Buick, formally the Buick Motor Division /ˈbjuːɨk/, is an American automobile division of the American manufacturer General Motors (GM). For much of its existence in the North American market, Buick has been marketed as a premium automobile brand, selling entry-level luxury vehicles positioned above its mainstream GM stablemate Chevrolet, and below the flagship Cadillac division. Buick holds the distinction of being the oldest active American marque of automobile, and the original Buick Motor Company was a cornerstone of the establishment of General Motors in 1908. Before the establishment of General Motors, GM founder William C. Durant previously served as Buick’s general manager, while his friend Louis Chevrolet worked as a racing driver for Buick and later learned automotive design working there. In 1939 Buick also pioneered the use of turn signals, which did not appear on other car brands until almost a decade later.
Since the discontinuation of Saturn in 2009, GM has positioned Buick to be an analogue to its German Opel brand, sharing models and development. Buick-branded vehicles are sold in the United States, Canada, Mexico, and China. Buick sold 1,170,115 vehicles worldwide in calendar year 2014, a record for the brand.
Buick is currently the oldest active North American automotive maker (Autocar, the truck-maker, is the oldest motor vehicle brand) and among the oldest automobile brands in the world. It originated as the Buick Auto-Vim and Power Company in 1899, an independent internal combustion engine and motor-car manufacturer, and was later incorporated as the Buick Motor Company on May 19, 1903, by Scottish born David Dunbar Buick in Detroit, Michigan. Later that year, the company was taken over by James H. Whiting (1842–1919), who moved it to his hometown of Flint, Michigan, and brought in William C. Durant in 1904 to manage his new acquisition. He teamed up with R S McLaughlin in Canada in 1907 with a 15-year contract for motors. In 1908 GM Holding was founded. Buick sold his stock for a small sum upon departure, and died in modest circumstances 25 years later.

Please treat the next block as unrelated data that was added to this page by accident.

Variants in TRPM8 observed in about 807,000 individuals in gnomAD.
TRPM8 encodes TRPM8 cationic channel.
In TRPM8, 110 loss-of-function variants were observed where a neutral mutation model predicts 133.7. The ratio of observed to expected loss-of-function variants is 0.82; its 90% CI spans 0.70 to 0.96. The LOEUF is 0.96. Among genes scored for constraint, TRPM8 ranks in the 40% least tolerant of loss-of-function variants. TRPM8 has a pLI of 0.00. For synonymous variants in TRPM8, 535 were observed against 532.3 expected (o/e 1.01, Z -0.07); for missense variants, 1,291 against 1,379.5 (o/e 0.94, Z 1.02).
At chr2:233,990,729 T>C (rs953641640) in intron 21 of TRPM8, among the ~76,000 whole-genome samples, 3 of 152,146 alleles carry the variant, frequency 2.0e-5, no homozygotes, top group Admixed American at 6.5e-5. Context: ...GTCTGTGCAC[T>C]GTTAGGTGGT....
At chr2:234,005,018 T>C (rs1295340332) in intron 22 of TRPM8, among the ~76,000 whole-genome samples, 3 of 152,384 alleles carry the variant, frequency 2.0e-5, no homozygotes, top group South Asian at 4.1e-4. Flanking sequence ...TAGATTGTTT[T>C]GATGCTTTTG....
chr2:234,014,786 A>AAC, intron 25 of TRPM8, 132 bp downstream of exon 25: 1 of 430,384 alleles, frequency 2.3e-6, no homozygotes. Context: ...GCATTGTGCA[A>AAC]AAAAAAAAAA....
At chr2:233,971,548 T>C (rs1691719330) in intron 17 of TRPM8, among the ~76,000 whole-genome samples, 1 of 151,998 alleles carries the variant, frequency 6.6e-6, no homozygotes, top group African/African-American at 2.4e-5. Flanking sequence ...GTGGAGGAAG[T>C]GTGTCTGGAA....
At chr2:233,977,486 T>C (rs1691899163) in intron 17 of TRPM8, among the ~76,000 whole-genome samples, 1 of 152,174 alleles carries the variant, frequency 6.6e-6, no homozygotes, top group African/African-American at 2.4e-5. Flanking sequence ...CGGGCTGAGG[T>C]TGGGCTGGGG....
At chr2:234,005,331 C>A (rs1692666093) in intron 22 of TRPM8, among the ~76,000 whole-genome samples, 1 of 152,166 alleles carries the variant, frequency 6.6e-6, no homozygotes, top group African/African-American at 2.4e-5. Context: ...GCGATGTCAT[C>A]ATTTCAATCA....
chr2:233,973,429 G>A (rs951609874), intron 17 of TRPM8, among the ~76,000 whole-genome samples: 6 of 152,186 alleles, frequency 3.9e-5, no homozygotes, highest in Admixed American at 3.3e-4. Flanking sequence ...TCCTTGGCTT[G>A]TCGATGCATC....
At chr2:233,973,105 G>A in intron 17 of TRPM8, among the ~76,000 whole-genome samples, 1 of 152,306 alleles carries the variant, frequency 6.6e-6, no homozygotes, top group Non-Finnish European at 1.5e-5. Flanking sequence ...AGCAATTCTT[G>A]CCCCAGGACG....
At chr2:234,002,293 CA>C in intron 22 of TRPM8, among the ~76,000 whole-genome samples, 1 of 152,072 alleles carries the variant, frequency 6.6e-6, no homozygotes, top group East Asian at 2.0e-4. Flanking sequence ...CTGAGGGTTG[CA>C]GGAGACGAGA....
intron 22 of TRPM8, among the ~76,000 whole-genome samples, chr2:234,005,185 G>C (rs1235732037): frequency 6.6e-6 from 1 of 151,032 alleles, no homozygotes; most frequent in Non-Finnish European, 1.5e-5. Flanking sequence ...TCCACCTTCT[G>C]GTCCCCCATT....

Since 2005, GM had gradually consolidated Buick with GMC and former Pontiac dealerships to create the current Buick-GMC network. During General Motors Chapter 11 reorganization and emergence in 2009, the company designated Buick as a “core brand”, citing the division’s success in China. Behind the scenes, GM began to move products originally planned for other brands to Buick. The Opel Insignia was originally intended to become the second-generation Saturn Aura, but instead became the new Buick Regal.